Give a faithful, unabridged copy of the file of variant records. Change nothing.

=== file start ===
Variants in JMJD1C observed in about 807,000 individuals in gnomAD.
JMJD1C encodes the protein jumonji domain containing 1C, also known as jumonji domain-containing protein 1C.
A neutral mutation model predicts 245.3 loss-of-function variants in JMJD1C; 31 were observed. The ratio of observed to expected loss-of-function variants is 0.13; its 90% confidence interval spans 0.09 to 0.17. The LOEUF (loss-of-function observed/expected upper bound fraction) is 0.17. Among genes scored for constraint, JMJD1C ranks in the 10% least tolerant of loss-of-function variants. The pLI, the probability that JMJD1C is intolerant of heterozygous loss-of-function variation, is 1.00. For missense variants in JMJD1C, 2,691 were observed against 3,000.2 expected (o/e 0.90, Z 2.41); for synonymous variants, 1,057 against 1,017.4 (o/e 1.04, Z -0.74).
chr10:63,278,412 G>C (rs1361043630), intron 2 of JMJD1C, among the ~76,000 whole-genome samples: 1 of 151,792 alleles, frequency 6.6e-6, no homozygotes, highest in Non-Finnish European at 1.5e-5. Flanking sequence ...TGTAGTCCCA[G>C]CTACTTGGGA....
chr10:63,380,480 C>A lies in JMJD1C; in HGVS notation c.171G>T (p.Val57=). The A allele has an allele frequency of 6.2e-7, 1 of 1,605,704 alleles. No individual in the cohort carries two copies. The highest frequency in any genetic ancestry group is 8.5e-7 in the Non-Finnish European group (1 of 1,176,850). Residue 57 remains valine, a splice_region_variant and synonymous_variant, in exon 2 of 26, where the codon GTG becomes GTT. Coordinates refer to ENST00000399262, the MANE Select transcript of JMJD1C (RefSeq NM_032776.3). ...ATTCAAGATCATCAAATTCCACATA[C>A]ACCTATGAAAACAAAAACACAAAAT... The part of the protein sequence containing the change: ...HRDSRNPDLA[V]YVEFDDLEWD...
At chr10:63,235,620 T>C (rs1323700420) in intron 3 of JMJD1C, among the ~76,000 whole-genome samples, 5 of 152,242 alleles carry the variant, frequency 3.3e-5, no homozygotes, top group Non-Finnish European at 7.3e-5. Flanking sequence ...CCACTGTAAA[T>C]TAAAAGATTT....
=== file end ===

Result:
Variants in JMJD1C observed in about 807,000 individuals in gnomAD.
JMJD1C encodes the protein jumonji domain containing 1C, also known as jumonji domain-containing protein 1C.
A neutral mutation model predicts 245.3 loss-of-function variants in JMJD1C; 31 were observed. The ratio of observed to expected loss-of-function variants is 0.13; its 90% confidence interval spans 0.09 to 0.17. The LOEUF (loss-of-function observed/expected upper bound fraction) is 0.17. Among genes scored for constraint, JMJD1C ranks in the 10% least tolerant of loss-of-function variants. The pLI, the probability that JMJD1C is intolerant of heterozygous loss-of-function variation, is 1.00. For missense variants in JMJD1C, 2,691 were observed against 3,000.2 expected (o/e 0.90, Z 2.41); for synonymous variants, 1,057 against 1,017.4 (o/e 1.04, Z -0.74).
chr10:63,278,412 G>C (rs1361043630), intron 2 of JMJD1C, among the ~76,000 whole-genome samples: 1 of 151,792 alleles, frequency 6.6e-6, no homozygotes, highest in Non-Finnish European at 1.5e-5. Flanking sequence ...TGTAGTCCCA[G>C]CTACTTGGGA....
chr10:63,380,480 C>A lies in JMJD1C; in HGVS notation c.171G>T (p.Val57=). The A allele has an allele frequency of 6.2e-7, 1 of 1,605,704 alleles. No individual in the cohort carries two copies. The highest frequency in any genetic ancestry group is 8.5e-7 in the Non-Finnish European group (1 of 1,176,850). Residue 57 remains valine, a splice_region_variant and synonymous_variant, in exon 2 of 26, where the codon GTG becomes GTT. Coordinates refer to ENST00000399262, the MANE Select transcript of JMJD1C (RefSeq NM_032776.3). ...ATTCAAGATCATCAAATTCCACATA[C>A]ACCTATGAAAACAAAAACACAAAAT... The part of the protein sequence containing the change: ...HRDSRNPDLA[V]YVEFDDLEWD...
At chr10:63,235,620 T>C (rs1323700420) in intron 3 of JMJD1C, among the ~76,000 whole-genome samples, 5 of 152,242 alleles carry the variant, frequency 3.3e-5, no homozygotes, top group Non-Finnish European at 7.3e-5. Flanking sequence ...CCACTGTAAA[T>C]TAAAAGATTT....